You can either get taxis, share taxis or dala dalas. Your accommodation can point you in the right direction to pick up a dala dala. Just be aware that you will usually need to go back through Stone Town, unless your next destination is on the way to Stone Town. ie. to go from Kendwa (north) to Paje (south east), you’d need to go back through Stone Town.
Or you can take a taxi, which is a lot more expensive but much quicker. You can negotiate with one of the taxi guys out on the street (they’re often waiting around outside hotels) and if you find a good, reasonably priced taxi driver – take his number.
You can of course also hire your own vehicle. I haven’t done this personally, but there are a number of places that you can hire from like Zanzibar Car Hire. I would just check that you are renting from a reputable company and that everything is in good condition.
You will need an international driving licence and your rental company should be able to provide you with any paperwork that you need for the police checkpoints.
Best Places in Zanzibar for Solo Travellers & Where to Stay on a Budget
Zanzibar has an abundance of amazing accommodation and there are lots of different places to stay around the island, but a lot of these tend to be geared towards couples or the luxury market.
Don’t worry, there are still some great accommodation options for backpackers or those on a budget and if you are travelling solo and looking for some buddies there are a few hubs that the solo travellers tend to gather in.
When I’m in Zanzibar, I like to move around a bit. Whilst the island isn’t that big, getting around can be expensive unless you take local transport all the time, so I would suggest that you spend some time in Stone Town, then at one or two of the different beaches.
Zanzibar has a lot to offer and by staying in one place, you won’t see the best of it.
Airbnb have some good, cheap options, but if you’re looking to meet other travellers, sometimes a hostel or gusthouse is better.
When I travel solo, I usually look for accommodation that is good value for money, in a good location, has a good atmosphere, nice communal space which makes it easier to meet other travellers/locals and things to do.
So here are my top places to stay as a solo traveller in Zanzibar (also have a read of my blog post about the best places in Africa for solo travellers).
Whilst it’s probably not as backpacker friendly as the beach resorts, there are still friends to be made in Stone Town at your hotel or perhaps some of the popular evening spots, like Tatu or Mercury’s Bar.
Where to Stay:
- Lost and Found Hostel: This is good budget place which is in an excellent location. They have nice dorms, with big beds with privacy curtains, power sockets, lockers and individual lights. Check prices here. UPDATE: Lost and Found is temporarily closed.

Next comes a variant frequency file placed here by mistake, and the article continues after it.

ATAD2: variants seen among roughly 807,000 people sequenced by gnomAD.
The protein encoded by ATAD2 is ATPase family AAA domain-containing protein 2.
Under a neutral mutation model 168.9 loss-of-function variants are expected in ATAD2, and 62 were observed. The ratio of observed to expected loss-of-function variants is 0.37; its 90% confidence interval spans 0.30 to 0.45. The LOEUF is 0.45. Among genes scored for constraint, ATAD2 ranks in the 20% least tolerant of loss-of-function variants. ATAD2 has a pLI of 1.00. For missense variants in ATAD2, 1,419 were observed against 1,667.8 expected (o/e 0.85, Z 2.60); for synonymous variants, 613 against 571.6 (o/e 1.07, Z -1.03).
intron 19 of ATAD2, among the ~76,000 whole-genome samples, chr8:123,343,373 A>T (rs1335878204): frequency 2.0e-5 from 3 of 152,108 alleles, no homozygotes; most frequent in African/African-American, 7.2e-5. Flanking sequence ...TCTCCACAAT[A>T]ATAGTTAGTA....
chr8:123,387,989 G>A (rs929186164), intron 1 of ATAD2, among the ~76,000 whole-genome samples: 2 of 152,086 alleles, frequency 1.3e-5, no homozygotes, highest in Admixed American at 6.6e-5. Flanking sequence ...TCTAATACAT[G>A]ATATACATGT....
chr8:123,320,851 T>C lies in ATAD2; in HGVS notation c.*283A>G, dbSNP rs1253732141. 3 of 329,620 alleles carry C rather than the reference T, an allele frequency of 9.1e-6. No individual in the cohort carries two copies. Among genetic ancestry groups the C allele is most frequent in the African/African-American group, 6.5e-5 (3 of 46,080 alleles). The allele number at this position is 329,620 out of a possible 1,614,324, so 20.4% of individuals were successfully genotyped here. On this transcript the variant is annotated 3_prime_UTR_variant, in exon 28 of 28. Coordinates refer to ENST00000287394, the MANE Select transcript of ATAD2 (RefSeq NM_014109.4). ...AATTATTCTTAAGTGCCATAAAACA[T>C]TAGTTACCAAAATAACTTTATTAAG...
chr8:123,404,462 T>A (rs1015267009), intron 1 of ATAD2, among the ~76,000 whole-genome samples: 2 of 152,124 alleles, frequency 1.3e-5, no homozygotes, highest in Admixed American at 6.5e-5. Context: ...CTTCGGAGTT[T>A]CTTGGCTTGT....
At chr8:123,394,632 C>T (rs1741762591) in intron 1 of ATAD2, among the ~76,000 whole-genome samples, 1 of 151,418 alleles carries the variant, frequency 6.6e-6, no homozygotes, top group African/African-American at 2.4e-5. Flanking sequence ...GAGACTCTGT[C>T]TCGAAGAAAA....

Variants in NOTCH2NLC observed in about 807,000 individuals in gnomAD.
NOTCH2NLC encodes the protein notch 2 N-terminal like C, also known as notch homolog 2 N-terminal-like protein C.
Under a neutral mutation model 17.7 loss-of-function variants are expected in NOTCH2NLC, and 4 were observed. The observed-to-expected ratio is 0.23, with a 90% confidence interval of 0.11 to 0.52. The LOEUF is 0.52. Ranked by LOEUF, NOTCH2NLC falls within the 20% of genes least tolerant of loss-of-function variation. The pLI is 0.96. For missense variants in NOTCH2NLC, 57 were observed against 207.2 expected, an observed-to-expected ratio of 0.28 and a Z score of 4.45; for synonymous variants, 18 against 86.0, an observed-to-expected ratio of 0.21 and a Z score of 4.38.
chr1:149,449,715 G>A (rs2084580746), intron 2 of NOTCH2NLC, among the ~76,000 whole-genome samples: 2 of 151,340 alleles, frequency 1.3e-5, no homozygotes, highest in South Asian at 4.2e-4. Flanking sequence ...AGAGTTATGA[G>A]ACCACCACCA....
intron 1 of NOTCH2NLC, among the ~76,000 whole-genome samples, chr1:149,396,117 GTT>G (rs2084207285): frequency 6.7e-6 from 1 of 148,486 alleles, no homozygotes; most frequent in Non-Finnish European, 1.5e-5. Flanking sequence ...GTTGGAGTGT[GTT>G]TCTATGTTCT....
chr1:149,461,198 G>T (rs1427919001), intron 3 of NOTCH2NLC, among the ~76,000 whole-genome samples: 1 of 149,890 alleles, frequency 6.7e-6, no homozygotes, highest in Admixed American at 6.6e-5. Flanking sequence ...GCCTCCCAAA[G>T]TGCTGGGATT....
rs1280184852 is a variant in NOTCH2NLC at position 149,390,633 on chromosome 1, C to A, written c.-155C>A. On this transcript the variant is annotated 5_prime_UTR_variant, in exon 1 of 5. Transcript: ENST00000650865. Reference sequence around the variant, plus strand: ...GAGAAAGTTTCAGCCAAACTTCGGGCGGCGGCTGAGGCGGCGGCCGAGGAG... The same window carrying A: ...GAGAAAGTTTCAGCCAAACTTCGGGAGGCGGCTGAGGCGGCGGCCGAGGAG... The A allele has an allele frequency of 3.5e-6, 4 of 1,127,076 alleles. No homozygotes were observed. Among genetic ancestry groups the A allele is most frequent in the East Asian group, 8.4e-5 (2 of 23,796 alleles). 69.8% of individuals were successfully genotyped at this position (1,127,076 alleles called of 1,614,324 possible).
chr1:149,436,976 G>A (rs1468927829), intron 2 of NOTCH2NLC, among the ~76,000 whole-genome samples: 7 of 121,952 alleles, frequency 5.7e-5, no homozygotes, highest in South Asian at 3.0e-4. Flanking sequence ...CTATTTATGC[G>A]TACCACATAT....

- Z Life Hostel: Great choice for solo travellers. Check prices here.
- Ten to Ten: Great backpacker hostel. Check prices here.
Kendwa & Nungwi
Kendwa and Nungwi lie on the north-west coast of Zanzibar and are good places to meet people. This is where most of the overlanders and backpackers tend to congregate. I’ve stayed here whilst travelling alone and easily met other travellers at the bar and on the beach.
Kendwa is pretty chilled most of the time, however, it does get lively at the weekends. Each Saturday they have a party which is always fun and they have a Full Moon Party every month, also usually on Saturdays which is pretty packed. They are a lot more low key than the Full Moon Parties you get in Thailand but more fun in my opinion.
Nungwi is generally busier and has a better range of accommodations and more restaurants.
Where to Stay:
- Kendwa Rocks: I usually stay a Kendwa Rocks. There are cheaper options, but for meeting other people, Kendwa Rocks is probably the best as they have a sociable bar, right on the beach. They do have a dorm although It tends not to be advertised anywhere so to book you need to contact them direct! A lot of the overland groups stay next door at Sunset Bungalows. Check prices here.
- Makofi Guesthouse: This is a great and sociable hostel/guesthouse in Nungwi, close to all the action. Check prices here.
Paje & Jambiani
Paje on the south east coast is another great spot for a solo traveller as there are a lot of backpacker places, more so than in the north.
Where to Stay:
- New Teddy’s Place: Friendly hostel, greta place for solo travellers. Check prices here.
- Drifters Backpackers: Similar to New Teddy’s, Drifters has a great bar, is very sociable and is a great place for a solo traveller. Check prices here.